The evaluation of varietal disease resistance is a critical element of VCU testing, reflecting the importance attached to reducing fungicide inputs by a gradual improvement in the genetic disease resistance of varieties available to UK farmers. Consideration of a variety's disease resistance is a major factor in the decision to accdept or reject the variety for National Listing. To minimise the risk of wrong decisions being taken, it is essential that the method of evaluation is capable of giving an accurate indication of a variety's resistance within the 2-year trial period.
Resistance ratings on a 1-9 scale are currently estimated from visual assessments of disease symptoms in untreated NL trials and disease observation tussocks and, for some diseases, in artificailly inoculated trials. Visual assessment suffers from a number of inherent technical problems.
1) Symptoms of some diseases can be difficult to digtinguish from those of other diseases, natural senescence, or physiological damage by pests or agrochemicals.
2) Visual assessment lacks sensitivity and it is therefore usually difficult to discriminate between varieties in tirals where disease levels are low.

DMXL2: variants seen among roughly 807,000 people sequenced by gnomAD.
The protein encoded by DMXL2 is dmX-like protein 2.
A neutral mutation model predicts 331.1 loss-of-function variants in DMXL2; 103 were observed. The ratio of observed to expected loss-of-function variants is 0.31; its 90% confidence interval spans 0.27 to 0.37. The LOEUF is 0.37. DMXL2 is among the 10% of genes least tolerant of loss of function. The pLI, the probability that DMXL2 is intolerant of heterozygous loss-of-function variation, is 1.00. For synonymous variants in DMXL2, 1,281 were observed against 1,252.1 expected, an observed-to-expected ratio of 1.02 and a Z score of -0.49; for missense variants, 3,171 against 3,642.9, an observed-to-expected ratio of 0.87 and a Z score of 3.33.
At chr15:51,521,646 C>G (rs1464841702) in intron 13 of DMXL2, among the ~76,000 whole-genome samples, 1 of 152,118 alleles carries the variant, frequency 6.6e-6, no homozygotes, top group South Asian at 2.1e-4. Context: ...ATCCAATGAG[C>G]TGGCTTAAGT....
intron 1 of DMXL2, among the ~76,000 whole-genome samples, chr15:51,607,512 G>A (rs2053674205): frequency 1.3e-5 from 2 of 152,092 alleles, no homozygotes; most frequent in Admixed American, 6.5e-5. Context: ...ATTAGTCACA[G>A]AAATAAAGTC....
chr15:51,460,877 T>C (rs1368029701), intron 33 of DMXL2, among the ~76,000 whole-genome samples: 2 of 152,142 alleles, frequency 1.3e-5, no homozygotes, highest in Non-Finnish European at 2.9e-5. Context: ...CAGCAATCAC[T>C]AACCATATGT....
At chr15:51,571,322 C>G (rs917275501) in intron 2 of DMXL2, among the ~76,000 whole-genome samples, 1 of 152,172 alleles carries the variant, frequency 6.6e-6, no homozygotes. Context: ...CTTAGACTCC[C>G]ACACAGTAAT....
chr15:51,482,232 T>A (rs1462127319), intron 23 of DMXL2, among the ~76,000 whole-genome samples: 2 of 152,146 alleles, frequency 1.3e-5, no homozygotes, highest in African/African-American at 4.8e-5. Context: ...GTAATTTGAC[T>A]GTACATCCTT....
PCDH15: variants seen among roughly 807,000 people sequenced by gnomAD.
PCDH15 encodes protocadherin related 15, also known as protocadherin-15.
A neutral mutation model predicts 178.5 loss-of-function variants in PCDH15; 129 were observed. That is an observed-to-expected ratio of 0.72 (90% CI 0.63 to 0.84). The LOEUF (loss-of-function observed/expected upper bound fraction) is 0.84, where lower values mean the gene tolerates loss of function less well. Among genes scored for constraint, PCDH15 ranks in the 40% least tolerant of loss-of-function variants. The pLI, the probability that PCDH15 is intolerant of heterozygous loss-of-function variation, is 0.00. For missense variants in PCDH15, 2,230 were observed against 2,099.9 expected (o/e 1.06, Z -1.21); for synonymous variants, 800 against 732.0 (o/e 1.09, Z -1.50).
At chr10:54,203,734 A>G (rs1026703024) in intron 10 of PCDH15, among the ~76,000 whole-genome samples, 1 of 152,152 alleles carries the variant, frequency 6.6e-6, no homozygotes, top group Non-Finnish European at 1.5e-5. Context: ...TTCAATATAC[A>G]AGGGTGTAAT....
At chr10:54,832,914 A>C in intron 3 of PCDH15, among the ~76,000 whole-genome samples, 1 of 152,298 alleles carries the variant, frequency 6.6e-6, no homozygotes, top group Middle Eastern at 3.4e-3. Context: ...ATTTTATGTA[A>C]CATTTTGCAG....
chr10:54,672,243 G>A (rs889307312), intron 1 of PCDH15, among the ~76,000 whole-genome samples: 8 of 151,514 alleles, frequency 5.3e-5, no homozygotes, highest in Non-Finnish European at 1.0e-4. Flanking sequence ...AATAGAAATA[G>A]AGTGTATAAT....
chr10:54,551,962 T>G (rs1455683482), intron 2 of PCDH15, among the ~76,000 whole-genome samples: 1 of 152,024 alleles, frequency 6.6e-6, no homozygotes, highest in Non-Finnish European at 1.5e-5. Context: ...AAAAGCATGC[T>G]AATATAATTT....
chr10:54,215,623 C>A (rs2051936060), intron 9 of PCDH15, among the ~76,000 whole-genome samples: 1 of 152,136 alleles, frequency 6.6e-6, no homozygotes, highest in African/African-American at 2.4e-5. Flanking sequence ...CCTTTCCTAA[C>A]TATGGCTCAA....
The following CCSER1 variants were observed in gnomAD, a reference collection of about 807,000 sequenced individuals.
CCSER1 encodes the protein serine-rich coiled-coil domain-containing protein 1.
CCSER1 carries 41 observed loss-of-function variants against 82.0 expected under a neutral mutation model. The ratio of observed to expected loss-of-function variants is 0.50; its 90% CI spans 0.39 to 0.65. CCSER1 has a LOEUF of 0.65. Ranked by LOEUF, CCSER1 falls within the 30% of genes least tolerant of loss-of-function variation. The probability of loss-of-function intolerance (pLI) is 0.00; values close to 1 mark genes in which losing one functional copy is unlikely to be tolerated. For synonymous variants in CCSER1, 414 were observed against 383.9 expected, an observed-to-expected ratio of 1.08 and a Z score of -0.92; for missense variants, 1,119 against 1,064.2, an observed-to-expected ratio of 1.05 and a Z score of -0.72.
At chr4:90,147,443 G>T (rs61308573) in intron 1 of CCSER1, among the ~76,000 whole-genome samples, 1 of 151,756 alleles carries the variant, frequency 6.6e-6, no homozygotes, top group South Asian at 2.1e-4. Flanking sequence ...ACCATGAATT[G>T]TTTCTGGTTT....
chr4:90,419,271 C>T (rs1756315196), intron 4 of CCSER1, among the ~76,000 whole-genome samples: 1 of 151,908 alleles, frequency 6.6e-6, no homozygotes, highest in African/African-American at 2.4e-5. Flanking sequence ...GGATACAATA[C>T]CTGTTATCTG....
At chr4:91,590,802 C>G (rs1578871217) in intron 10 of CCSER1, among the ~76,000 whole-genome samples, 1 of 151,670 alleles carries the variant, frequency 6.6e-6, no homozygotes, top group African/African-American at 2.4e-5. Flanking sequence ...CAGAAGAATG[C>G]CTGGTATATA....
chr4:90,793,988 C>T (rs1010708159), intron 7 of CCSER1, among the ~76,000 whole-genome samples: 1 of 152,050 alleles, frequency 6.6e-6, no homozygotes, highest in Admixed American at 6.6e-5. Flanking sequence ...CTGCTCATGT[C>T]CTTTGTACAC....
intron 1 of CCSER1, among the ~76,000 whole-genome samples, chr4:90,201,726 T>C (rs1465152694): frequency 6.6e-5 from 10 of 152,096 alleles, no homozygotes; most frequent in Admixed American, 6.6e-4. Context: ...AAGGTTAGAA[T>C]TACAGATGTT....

3) Visible symptoms do not always give a good indication of the extent of colonisation of the host variety and may not be reliable indicators of the damage done by the disease.
4) Visual assessment is subjective and differences between observers are unavoidable. highly trained and experienced personnel are required to identify and assess diseases in the field.
Quantitative diagnostics, such as PCR, should provide the means of overcoming most of these problems. Using PCR it should be possible to estimate disease resistance with greatly improved accuracy. This in turn should present opportunities to cut costs. For example, saving should arise from a reduction in the number of trail assessments required to produce a reliable rating. At the same time, savings in staff costs would be acheived by replacing time-consuming visual assessments by experienced staff with simple plot sampling by relatively untrained personnel. It is envisaged that these saving should more than offset the costs of processing the samples in a central laboratory.
Currently the most widespread and damaging foliar disease of wheat is Septoria tritici. Septoria nodorum has declined in importance since the early 1980s but is still significant and there are indications that it may be increasing in some regions. The symptoms of the Septoria diseases are very difficult to distinguish visually in the field, both from each other and from the symptoms of various secondary pathogens and natural senescence. The two species often occur together, making separate assessment almost impossible. Hence in many trials disease is simply recored as "Septoria spp". There is an obvious requirement for an effective and species-specific test to differentiate between, and quantify, the two species.